Monday, 8 June 2015

Student Feedback

With the end of our semester upon us, this is the time when lecturers hope that students are filling in the appraisals for papers and teaching. I have been dropping reminders to students to contribute their suggestions via the anonymous appraisals online.  Within the online papers I have taught this semester, students are also concluding online forums with a wrap up and feedback-focused discussion. This is a time to take stock and ask questions like:
  • What have you learned this semester?
  • What will you do to build upon this learning?
  • Which aspects of our paper helped you to learn?
  • What would you like to see changed in future?
The ‘what should we keep and what should we change’ pairing is the most useful formative tool for course design!

Enabling students to submit their suggestions anonymously is a safeguard for students, it balances the power differential, and is standard procedure. However, anonymity is also prone to abuse as students who have received poor marks retaliate in kind. Often the results of paper appraisals are skewed so that most of the respondents answer affirmatively, with outliers who report they were ‘never’ satisfied with the course. These divergent viewpoints can be interesting and valid, but it is not possible to explore them further when the source is anonymous. When lecturers receive a negative comment, we can’t always ask about the circumstances, reasons or for more details about how to improve. It is even more frustrating when students don’t complete the online appraisals, and response rates are very often low.

To balance these concerns, it is wise to invite student feedback in a range of ways, for example via Moodle forums and exit slips.

Moodle forums – the first year MMP students are currently noting advice that they would give to newbies joining the degree. This will be very useful to pass on to the new class of 2016, and will likely suggest areas where students feel least confident and need most support. Importantly, we have asked the students to use the opportunity to thank a peer who has helped or taught them in some way in their first semester of tertiary study.

In the Communication Technologies and Lifelong Learning option paper students are reflecting on their learning through the POPLN challenge and again suggesting how others might make a start with POPLN if they are entirely new to the notion of learning through social media. Again, these suggestions will assist in refining the orientation and introductory phase of POPLN in future iterations of the course. I am grateful for the student suggestions, and also like to know which readings seem dated, which are most powerful, which tasks are particularly engaging and which discussions have resonated with students. This is not just about ‘what did you like/enjoy?’ although student satisfaction is a factor. Rather, I want to know about the elements of the paper that promoted learning, challenged students to move outside of their comfort zones, revealed new ways of thinking and generated wider exploration. I also want to know how to best support students without rescuing them from the learning potential.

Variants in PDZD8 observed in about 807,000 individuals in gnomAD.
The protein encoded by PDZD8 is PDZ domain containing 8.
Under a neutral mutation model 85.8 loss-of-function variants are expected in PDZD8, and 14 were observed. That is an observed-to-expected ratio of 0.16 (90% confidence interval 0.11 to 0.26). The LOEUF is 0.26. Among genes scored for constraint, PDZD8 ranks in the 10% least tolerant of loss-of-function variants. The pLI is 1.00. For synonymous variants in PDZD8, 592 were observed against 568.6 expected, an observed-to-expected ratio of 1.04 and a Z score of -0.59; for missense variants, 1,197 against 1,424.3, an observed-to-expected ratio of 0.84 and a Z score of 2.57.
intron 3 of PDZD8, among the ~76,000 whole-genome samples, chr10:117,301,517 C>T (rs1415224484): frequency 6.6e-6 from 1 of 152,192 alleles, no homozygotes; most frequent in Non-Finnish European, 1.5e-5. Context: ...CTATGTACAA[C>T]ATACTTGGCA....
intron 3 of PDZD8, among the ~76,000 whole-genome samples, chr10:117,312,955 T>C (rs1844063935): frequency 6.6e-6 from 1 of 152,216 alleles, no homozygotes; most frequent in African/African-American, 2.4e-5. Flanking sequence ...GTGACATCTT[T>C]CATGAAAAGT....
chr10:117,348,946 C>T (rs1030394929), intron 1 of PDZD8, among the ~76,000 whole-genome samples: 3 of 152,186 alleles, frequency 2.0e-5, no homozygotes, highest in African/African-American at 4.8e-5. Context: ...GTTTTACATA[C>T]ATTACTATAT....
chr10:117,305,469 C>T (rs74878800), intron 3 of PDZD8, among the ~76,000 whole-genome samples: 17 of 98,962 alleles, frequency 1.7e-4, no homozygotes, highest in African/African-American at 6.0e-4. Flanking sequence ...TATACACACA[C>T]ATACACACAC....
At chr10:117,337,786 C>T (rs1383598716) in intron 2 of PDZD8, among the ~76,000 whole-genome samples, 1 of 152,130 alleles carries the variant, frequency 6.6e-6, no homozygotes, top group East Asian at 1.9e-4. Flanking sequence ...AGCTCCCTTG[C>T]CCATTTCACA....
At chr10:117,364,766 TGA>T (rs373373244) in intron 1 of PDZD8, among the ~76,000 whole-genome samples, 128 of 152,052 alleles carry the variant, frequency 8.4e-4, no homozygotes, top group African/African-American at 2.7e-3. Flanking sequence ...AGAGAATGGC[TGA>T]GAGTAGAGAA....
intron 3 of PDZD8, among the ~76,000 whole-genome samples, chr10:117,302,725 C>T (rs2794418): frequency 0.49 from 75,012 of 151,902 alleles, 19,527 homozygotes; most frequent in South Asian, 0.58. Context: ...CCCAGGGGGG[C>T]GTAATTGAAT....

Within all of this of course there are constraints on our work – in terms of Time (always the biggie, hence the capital T), and also regulations and expectations of tertiary study at various levels. Discussing course feedback openly with students is helpful all round as it means students can table their suggestions, and we can be receptive while also questioning to clarify the essence of problems/concerns, negotiating adjustments (I can’t do that but how about this?) and explain transparently if/why certain changes are not possible.

A bonus of the discussion forum as a means of eliciting student feedback is that the students are required to contribute. It would be very difficult to require students to complete an anonymous online appraisal.

Is it fair to require students to give feedback?